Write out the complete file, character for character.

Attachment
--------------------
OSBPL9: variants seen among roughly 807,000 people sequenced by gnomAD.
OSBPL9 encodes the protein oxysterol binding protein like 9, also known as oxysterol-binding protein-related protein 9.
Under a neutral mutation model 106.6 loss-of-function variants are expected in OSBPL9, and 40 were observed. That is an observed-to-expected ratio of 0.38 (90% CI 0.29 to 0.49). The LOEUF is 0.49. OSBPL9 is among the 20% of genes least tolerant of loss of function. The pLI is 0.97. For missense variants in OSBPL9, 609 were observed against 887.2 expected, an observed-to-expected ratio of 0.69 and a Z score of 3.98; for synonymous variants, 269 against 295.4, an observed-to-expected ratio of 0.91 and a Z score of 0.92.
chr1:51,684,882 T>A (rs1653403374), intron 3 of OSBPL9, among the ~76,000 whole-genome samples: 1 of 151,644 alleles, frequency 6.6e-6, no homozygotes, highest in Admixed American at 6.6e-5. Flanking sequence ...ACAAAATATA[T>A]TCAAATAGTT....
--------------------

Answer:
OSBPL9: variants seen among roughly 807,000 people sequenced by gnomAD.
OSBPL9 encodes the protein oxysterol binding protein like 9, also known as oxysterol-binding protein-related protein 9.
Under a neutral mutation model 106.6 loss-of-function variants are expected in OSBPL9, and 40 were observed. That is an observed-to-expected ratio of 0.38 (90% CI 0.29 to 0.49). The LOEUF is 0.49. OSBPL9 is among the 20% of genes least tolerant of loss of function. The pLI is 0.97. For missense variants in OSBPL9, 609 were observed against 887.2 expected, an observed-to-expected ratio of 0.69 and a Z score of 3.98; for synonymous variants, 269 against 295.4, an observed-to-expected ratio of 0.91 and a Z score of 0.92.
chr1:51,684,882 T>A (rs1653403374), intron 3 of OSBPL9, among the ~76,000 whole-genome samples: 1 of 151,644 alleles, frequency 6.6e-6, no homozygotes, highest in Admixed American at 6.6e-5. Flanking sequence ...ACAAAATATA[T>A]TCAAATAGTT....